Need 3 Simonton Install Tips (Gaps + Caulk Type + Foam Wrap)

For those self-installers
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InfoSponge
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Joined: Tue Jan 17, 2006 2:25 am

Need 3 Simonton Install Tips (Gaps + Caulk Type + Foam Wrap)

#1 Post by InfoSponge » Wed May 03, 2006 3:37 am

I'm installing some white vinyl replacement windows into brick openings in a house of mine next week. I'm not a professional window installer, but I want to give it a try, and I'll have some help from someone who has installed windows several times.

What kind of caulk do you guys recommend for durability and looks? Is a clear paintable acrylic/latex/silicone mix like DAP Alex Ultra for windows OK? Or would you use white? Or pure silicone?

Also, what is the best thing to use to fill the small gap behind the the brick veneer all around the window frame.

The Simonton windows will come with a foam wrap. Is it a good idea to go ahead and use it or rip it off.

dads3boys
Posts: 3
Joined: Thu Aug 17, 2006 7:07 pm

#2 Post by dads3boys » Thu Aug 17, 2006 7:45 pm

I'm looking to do my own install and have discussed this w/ some folks. A couple of suggestions I've received have been to buy the aluminum sheets that the contractors use to form a new frame around the exterior of the window. Not sure if I want to try to tackle this since I don't have the equipment to do a good looking job. The other is to simply build a small frame around the window with your choice of wood stock.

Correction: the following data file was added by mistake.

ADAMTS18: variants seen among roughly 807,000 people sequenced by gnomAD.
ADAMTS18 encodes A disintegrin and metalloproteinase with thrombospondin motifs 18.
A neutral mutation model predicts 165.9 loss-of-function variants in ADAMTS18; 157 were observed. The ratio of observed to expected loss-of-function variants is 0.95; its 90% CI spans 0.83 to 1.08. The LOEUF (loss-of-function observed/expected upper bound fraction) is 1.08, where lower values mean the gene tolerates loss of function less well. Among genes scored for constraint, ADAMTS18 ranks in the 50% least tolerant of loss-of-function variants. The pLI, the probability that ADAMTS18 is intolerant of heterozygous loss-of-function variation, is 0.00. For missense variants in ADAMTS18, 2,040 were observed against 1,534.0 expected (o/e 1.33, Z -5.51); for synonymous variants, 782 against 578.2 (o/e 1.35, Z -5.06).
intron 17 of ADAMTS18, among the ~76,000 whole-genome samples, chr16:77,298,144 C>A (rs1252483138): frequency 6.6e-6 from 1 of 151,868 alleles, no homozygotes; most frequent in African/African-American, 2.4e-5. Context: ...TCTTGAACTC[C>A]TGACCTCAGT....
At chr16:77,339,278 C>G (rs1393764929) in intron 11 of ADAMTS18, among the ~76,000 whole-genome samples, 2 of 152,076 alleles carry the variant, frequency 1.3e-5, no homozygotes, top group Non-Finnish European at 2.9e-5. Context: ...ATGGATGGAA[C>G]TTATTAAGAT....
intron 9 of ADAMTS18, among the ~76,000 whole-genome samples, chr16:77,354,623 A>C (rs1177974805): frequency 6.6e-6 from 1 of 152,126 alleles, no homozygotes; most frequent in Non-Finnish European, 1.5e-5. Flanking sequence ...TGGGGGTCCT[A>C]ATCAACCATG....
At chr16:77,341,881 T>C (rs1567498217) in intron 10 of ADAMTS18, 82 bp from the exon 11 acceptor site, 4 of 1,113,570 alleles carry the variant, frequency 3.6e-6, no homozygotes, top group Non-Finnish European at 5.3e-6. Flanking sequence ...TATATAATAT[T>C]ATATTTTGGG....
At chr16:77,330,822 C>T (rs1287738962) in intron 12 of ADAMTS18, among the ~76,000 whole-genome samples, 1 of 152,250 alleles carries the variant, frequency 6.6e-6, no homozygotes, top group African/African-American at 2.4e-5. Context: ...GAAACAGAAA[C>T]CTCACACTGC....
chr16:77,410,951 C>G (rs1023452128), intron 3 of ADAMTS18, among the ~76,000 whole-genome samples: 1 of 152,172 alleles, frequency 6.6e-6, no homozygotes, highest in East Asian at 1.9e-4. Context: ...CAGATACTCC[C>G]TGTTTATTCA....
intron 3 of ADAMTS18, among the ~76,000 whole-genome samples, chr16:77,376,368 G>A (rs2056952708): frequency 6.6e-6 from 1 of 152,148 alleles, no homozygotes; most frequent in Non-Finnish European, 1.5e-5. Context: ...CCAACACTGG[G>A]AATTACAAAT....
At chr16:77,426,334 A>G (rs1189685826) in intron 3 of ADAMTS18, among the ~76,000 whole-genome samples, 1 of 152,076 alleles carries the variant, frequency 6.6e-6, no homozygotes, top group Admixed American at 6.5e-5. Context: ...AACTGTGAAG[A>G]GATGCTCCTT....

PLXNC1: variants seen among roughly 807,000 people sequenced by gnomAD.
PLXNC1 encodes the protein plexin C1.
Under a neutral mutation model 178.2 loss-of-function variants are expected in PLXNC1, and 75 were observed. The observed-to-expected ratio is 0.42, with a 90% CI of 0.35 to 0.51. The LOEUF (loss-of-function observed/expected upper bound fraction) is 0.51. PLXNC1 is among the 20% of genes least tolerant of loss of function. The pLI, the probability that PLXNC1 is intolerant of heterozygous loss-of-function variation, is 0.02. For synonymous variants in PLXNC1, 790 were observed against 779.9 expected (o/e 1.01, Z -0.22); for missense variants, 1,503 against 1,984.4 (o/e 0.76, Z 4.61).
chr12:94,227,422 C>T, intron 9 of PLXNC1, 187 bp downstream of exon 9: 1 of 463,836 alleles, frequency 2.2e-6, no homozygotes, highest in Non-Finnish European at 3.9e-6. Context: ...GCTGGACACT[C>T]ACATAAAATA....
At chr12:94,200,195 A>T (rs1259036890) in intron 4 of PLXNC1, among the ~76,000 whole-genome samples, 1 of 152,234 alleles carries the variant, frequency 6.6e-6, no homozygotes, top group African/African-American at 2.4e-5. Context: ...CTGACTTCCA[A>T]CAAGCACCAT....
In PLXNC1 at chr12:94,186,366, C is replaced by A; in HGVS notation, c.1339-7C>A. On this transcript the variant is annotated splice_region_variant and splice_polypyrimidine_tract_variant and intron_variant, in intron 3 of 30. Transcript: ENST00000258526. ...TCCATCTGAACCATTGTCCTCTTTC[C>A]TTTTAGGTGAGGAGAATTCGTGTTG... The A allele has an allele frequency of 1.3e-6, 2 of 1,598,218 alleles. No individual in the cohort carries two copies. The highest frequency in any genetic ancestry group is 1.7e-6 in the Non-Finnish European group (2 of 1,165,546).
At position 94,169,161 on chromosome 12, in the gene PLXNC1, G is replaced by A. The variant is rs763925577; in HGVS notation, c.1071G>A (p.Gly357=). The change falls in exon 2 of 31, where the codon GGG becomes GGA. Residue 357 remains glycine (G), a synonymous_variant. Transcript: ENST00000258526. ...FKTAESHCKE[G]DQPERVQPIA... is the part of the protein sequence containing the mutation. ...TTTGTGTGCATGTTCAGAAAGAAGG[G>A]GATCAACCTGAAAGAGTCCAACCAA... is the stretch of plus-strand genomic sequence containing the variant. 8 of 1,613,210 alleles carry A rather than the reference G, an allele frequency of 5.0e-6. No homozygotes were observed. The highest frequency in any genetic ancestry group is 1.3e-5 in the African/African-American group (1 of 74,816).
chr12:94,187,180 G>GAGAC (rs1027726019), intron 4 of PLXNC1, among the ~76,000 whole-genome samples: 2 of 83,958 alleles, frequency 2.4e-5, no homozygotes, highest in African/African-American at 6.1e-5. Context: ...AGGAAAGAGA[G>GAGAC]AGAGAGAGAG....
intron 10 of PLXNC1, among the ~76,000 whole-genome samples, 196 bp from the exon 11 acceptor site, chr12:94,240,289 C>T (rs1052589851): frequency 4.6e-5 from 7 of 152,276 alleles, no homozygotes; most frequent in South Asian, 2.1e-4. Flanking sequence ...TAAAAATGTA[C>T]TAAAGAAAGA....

BTW...who were you able to get the Simonton windows from? So far, haven't found a local contractor (in Northern VA) willing to give them up.

Rob

InfoSponge
Posts: 155
Joined: Tue Jan 17, 2006 2:25 am

#3 Post by InfoSponge » Thu Aug 17, 2006 10:40 pm

Check with building supply places if you want to get Simonton windows for self-install. Check in your yellow pages or the Simonton web site to find some options.

I wouldn't recommend trying to bend the aluminum coil manually yourself without a full break machine at your disposal. You might be able to make it look OK, but I kind of doubt it on your first install attempt. Maybe a tool shop would rent you a machine, but I've never seen one for rent around here. My friend happens to have such a machine, so he did that work for me and did a great job.

Some installers will install windows into brick at least without wrap/trim, and secure the window to the frame/studs and then caulk the window frame to the brick. I did this on a few back side windows even though I don't think it is the best/recommended way and definitely does not look as nice as using aluminum wrap, but it seems to work OK if you know its limitations and can make a nice smooth caulk bead with the thicker, more durable outdoor caulks.

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